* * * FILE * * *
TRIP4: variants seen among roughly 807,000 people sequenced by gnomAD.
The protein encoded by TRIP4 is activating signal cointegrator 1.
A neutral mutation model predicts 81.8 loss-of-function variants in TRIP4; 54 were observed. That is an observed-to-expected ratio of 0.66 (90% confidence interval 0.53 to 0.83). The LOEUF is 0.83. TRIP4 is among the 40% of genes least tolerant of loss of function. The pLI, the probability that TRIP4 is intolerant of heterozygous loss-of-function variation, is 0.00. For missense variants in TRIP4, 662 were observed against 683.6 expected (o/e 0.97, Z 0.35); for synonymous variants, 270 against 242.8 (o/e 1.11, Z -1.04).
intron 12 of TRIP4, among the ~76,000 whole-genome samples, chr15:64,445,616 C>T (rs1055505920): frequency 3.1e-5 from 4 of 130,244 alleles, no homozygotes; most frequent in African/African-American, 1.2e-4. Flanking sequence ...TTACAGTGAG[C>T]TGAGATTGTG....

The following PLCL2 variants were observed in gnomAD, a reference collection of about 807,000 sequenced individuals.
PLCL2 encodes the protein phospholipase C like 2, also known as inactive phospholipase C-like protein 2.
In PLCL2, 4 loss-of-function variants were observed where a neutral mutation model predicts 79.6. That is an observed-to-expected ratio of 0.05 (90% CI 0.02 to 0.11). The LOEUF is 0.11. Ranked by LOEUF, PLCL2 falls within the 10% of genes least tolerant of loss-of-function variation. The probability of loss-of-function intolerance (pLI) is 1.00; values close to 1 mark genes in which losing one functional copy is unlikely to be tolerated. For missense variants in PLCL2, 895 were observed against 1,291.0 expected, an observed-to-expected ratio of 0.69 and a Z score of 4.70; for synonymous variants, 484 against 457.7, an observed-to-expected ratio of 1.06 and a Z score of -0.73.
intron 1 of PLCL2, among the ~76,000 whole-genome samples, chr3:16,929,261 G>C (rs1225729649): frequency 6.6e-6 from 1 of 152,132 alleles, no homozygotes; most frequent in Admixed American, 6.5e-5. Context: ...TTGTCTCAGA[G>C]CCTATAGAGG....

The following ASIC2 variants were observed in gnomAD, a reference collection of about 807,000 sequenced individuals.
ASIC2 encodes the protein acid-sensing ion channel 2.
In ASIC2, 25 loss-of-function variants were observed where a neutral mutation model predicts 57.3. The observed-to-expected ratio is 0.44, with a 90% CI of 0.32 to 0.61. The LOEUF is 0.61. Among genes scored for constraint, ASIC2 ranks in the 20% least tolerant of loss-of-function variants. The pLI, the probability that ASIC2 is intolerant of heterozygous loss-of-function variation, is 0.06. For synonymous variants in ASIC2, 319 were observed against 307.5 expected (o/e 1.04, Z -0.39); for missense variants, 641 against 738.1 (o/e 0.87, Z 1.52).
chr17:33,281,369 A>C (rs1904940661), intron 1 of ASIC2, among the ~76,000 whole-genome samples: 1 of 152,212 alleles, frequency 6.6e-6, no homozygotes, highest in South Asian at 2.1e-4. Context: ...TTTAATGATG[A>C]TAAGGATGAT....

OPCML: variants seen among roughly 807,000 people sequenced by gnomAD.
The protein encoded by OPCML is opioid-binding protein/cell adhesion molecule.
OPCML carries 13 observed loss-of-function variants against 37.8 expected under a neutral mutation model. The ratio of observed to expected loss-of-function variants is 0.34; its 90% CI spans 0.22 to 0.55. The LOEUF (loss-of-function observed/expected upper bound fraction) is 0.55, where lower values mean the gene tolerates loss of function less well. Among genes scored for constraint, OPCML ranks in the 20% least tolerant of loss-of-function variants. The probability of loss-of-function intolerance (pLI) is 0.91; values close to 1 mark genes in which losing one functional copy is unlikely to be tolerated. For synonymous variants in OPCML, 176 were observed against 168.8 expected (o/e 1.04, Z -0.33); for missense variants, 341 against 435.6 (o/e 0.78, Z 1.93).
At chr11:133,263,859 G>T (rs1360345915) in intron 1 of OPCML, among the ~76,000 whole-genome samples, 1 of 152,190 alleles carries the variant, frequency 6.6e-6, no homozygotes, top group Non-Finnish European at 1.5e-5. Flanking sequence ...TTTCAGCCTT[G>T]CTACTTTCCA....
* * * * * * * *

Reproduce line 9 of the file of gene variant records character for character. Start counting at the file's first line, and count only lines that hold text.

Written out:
The following ASIC2 variants were observed in gnomAD, a reference collection of about 807,000 sequenced individuals.